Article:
Reduce Food Insecurity

According to the United Nations Food and Agriculture Organization, over 820 million people do not have enough to eat.  In 2018, one out of every 9 Americans in the U.S. were food insecure.  In a country like the United States where more than enough food is produced, there is no reason or excuse for anyone to go hungry. 

Food insecurity, which is defined as the lack of access to healthy, culturally appropriate food, affects every community around the globe and can include seniors, children, rural communities, urban residents, students, African Americans, Latinos and immigrants.  

Food insecurity is a complex problem and is often related to more than poverty, such as health problems, low wages, lack of affordable housing and social isolation.  According to research published in the Canadian Medical Association Journal, people with food insecurity are 10% to 37% more likely to die prematurely from any cause other than cancer compared to food-secure individuals.  

SNAP, the U.S.’s food stamp program, helps many food insecure families, but the Trump Administration is making it much harder for residents to receive benefits so alternative ways of getting healthy food to the food insecure is needed. 

Food Insecurity versus Hunger

Food insecurity and hunger are separate issues.  Food insecurity is socio-economic, meaning it’s both financial and cultural, and it focuses on access to the right kind of food.  Hunger is a physical sensation that comes from not eating. In addition, food security is measured by household, while hunger is based on the individual.  This means that parents in a food insecure home might have enough to feed their children but who go hungry because there is not enough food for them also.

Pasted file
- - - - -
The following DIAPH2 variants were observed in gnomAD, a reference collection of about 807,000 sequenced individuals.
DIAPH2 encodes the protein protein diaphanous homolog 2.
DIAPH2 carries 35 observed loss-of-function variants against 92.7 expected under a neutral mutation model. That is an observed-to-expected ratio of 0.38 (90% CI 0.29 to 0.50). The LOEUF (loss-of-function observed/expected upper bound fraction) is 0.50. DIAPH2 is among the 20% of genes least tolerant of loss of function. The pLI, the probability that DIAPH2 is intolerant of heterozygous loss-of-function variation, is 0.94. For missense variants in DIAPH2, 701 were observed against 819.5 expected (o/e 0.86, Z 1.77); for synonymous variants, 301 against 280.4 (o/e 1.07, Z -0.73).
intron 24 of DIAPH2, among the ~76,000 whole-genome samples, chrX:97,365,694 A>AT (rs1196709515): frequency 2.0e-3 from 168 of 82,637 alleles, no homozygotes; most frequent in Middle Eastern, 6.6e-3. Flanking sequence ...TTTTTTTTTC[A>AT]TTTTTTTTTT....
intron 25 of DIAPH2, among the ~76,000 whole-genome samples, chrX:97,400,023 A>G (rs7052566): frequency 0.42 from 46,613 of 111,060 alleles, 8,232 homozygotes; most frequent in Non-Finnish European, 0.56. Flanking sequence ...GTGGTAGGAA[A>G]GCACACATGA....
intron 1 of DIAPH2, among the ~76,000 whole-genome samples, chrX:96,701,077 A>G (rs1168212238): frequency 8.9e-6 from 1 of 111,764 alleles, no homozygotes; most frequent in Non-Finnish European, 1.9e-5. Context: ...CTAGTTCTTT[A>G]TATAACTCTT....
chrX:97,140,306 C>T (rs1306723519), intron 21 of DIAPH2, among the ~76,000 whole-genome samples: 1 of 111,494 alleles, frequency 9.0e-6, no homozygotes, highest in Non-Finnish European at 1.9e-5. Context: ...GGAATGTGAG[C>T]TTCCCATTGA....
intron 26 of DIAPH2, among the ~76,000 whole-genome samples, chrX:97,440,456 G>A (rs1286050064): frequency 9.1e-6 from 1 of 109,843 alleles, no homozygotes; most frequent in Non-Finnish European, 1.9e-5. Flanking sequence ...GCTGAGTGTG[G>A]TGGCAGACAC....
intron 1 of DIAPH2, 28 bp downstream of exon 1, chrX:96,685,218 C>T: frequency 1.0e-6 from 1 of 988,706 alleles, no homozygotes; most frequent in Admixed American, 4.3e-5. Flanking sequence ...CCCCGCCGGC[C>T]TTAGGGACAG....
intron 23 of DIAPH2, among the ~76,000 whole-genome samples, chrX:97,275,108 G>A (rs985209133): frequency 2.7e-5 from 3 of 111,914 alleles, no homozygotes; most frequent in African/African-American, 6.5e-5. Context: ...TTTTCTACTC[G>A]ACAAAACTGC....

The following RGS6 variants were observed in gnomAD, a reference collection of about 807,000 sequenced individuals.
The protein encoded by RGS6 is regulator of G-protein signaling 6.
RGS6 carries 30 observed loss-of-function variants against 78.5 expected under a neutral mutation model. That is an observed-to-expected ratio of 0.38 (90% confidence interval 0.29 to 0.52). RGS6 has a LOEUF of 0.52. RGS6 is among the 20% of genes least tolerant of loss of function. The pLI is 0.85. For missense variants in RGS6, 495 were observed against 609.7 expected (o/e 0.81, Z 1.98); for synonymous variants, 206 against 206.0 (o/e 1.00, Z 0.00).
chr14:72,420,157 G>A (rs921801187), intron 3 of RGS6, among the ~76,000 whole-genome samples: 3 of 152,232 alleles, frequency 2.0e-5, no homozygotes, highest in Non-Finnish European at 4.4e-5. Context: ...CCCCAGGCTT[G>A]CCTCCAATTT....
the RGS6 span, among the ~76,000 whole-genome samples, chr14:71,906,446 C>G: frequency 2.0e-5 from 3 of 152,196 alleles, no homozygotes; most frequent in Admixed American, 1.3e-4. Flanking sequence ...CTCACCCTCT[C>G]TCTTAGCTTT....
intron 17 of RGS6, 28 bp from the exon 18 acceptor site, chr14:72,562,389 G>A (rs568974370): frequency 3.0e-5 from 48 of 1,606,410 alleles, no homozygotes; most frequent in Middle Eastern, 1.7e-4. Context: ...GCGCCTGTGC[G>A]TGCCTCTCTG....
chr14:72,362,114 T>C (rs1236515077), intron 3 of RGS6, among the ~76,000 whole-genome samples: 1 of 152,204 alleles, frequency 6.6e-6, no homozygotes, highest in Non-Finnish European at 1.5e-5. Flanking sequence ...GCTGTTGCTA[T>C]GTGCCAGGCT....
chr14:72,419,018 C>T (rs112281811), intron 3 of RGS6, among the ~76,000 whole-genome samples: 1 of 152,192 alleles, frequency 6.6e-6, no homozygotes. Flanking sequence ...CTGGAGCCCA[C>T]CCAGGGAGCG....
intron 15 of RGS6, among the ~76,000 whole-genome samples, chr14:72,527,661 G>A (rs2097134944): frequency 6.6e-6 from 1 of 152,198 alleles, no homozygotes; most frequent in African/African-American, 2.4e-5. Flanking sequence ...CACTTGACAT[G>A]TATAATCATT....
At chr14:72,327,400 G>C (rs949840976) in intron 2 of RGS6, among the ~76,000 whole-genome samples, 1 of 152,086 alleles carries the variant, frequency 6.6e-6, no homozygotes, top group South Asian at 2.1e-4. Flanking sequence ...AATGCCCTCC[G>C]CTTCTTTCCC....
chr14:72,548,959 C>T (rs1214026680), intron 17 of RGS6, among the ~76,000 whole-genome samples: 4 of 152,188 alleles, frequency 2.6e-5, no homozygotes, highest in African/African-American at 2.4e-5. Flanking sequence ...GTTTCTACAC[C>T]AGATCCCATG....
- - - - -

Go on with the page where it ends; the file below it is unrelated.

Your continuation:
How to End (or at least minimize!) Food Insecurity

There are several ways to end food insecurity in households around the world, the first and easiest being to provide healthy food to food insecure families for free like Plant Eat Share is promoting!

Other ways include:

  • Community gardens.  According to a study by the University of California and Santa Clara University, people who maintained a garden – whether at home or a community garden – were more likely to eat vegetables. Families get not just more food, but healthier food.
  • Food apps.  With most people at all income levels now owning a smartphone, apps such as Australia’s Y Waste are finding ways to connect individuals to food that would otherwise be thrown out in grocery stores.  Users are notified when a store has excess food; they simply claim they food they want and pick it up at the counter just as any customer would, eliminating any stigma attached to receiving a food donation.  Apps such as Food for All are offering discounted restaurant food that would otherwise go to waste.
  • Free food sharing.  Food pantries and food banks are located all throughout the country and definitely help ease food insecurity by providing food to those in need.  There is also a movement to help pantries provide fresh fruits and vegetables. You can find your local U.S. food bank by using Feeding America’s map.

But, ultimately, the best way to end food insecurity is to have an abundant amount of fresh food available to anyone who wants it.  Copenhagen, Denmark, is now planting fruit trees around the city for anyone to help themselves to.  We need communities to come together to grow food for each other – we need to Plant Eat and Share! 

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